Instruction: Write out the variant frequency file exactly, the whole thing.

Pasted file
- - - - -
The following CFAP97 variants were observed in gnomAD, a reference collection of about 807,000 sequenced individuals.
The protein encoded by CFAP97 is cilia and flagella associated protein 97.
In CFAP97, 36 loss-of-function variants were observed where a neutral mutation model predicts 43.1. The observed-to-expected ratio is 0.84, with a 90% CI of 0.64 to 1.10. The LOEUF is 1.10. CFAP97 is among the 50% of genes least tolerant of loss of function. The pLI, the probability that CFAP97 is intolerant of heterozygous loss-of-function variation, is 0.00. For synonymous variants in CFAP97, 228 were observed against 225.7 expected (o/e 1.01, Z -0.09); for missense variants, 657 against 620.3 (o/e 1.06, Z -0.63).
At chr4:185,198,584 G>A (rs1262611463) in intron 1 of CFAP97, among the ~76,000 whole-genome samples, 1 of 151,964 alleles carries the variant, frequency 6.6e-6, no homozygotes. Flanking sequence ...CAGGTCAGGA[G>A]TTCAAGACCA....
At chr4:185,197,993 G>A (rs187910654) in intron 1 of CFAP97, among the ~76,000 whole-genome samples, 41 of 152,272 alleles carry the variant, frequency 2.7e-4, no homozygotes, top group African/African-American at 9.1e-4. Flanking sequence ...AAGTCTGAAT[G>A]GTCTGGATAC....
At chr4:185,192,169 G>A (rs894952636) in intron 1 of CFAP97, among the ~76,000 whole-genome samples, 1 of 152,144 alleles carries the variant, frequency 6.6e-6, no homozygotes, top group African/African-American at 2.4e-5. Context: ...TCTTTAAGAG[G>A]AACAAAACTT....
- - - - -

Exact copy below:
The following CFAP97 variants were observed in gnomAD, a reference collection of about 807,000 sequenced individuals.
The protein encoded by CFAP97 is cilia and flagella associated protein 97.
In CFAP97, 36 loss-of-function variants were observed where a neutral mutation model predicts 43.1. The observed-to-expected ratio is 0.84, with a 90% CI of 0.64 to 1.10. The LOEUF is 1.10. CFAP97 is among the 50% of genes least tolerant of loss of function. The pLI, the probability that CFAP97 is intolerant of heterozygous loss-of-function variation, is 0.00. For synonymous variants in CFAP97, 228 were observed against 225.7 expected (o/e 1.01, Z -0.09); for missense variants, 657 against 620.3 (o/e 1.06, Z -0.63).
At chr4:185,198,584 G>A (rs1262611463) in intron 1 of CFAP97, among the ~76,000 whole-genome samples, 1 of 151,964 alleles carries the variant, frequency 6.6e-6, no homozygotes. Flanking sequence ...CAGGTCAGGA[G>A]TTCAAGACCA....
At chr4:185,197,993 G>A (rs187910654) in intron 1 of CFAP97, among the ~76,000 whole-genome samples, 41 of 152,272 alleles carry the variant, frequency 2.7e-4, no homozygotes, top group African/African-American at 9.1e-4. Flanking sequence ...AAGTCTGAAT[G>A]GTCTGGATAC....
At chr4:185,192,169 G>A (rs894952636) in intron 1 of CFAP97, among the ~76,000 whole-genome samples, 1 of 152,144 alleles carries the variant, frequency 6.6e-6, no homozygotes, top group African/African-American at 2.4e-5. Context: ...TCTTTAAGAG[G>A]AACAAAACTT....